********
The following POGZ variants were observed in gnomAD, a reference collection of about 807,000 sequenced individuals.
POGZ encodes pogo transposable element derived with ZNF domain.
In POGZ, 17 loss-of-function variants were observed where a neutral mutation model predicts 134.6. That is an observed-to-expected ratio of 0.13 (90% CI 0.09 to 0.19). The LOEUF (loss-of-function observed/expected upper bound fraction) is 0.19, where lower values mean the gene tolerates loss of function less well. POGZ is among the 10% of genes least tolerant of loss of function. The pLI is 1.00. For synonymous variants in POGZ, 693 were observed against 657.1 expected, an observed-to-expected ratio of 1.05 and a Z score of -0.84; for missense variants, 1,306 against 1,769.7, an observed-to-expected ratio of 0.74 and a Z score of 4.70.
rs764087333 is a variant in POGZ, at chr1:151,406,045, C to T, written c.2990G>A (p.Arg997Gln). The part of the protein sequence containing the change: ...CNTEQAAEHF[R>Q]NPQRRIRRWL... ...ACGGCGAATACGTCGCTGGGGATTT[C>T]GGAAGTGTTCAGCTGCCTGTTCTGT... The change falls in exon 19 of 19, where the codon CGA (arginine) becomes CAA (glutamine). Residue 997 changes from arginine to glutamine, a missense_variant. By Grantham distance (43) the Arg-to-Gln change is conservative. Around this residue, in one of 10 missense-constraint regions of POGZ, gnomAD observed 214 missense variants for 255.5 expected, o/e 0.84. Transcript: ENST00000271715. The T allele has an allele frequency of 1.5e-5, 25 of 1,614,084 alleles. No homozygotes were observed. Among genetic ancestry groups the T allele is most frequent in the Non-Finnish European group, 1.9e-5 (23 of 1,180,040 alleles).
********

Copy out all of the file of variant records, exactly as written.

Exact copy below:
The following POGZ variants were observed in gnomAD, a reference collection of about 807,000 sequenced individuals.
POGZ encodes pogo transposable element derived with ZNF domain.
In POGZ, 17 loss-of-function variants were observed where a neutral mutation model predicts 134.6. That is an observed-to-expected ratio of 0.13 (90% CI 0.09 to 0.19). The LOEUF (loss-of-function observed/expected upper bound fraction) is 0.19, where lower values mean the gene tolerates loss of function less well. POGZ is among the 10% of genes least tolerant of loss of function. The pLI is 1.00. For synonymous variants in POGZ, 693 were observed against 657.1 expected, an observed-to-expected ratio of 1.05 and a Z score of -0.84; for missense variants, 1,306 against 1,769.7, an observed-to-expected ratio of 0.74 and a Z score of 4.70.
rs764087333 is a variant in POGZ, at chr1:151,406,045, C to T, written c.2990G>A (p.Arg997Gln). The part of the protein sequence containing the change: ...CNTEQAAEHF[R>Q]NPQRRIRRWL... ...ACGGCGAATACGTCGCTGGGGATTT[C>T]GGAAGTGTTCAGCTGCCTGTTCTGT... The change falls in exon 19 of 19, where the codon CGA (arginine) becomes CAA (glutamine). Residue 997 changes from arginine to glutamine, a missense_variant. By Grantham distance (43) the Arg-to-Gln change is conservative. Around this residue, in one of 10 missense-constraint regions of POGZ, gnomAD observed 214 missense variants for 255.5 expected, o/e 0.84. Transcript: ENST00000271715. The T allele has an allele frequency of 1.5e-5, 25 of 1,614,084 alleles. No homozygotes were observed. Among genetic ancestry groups the T allele is most frequent in the Non-Finnish European group, 1.9e-5 (23 of 1,180,040 alleles).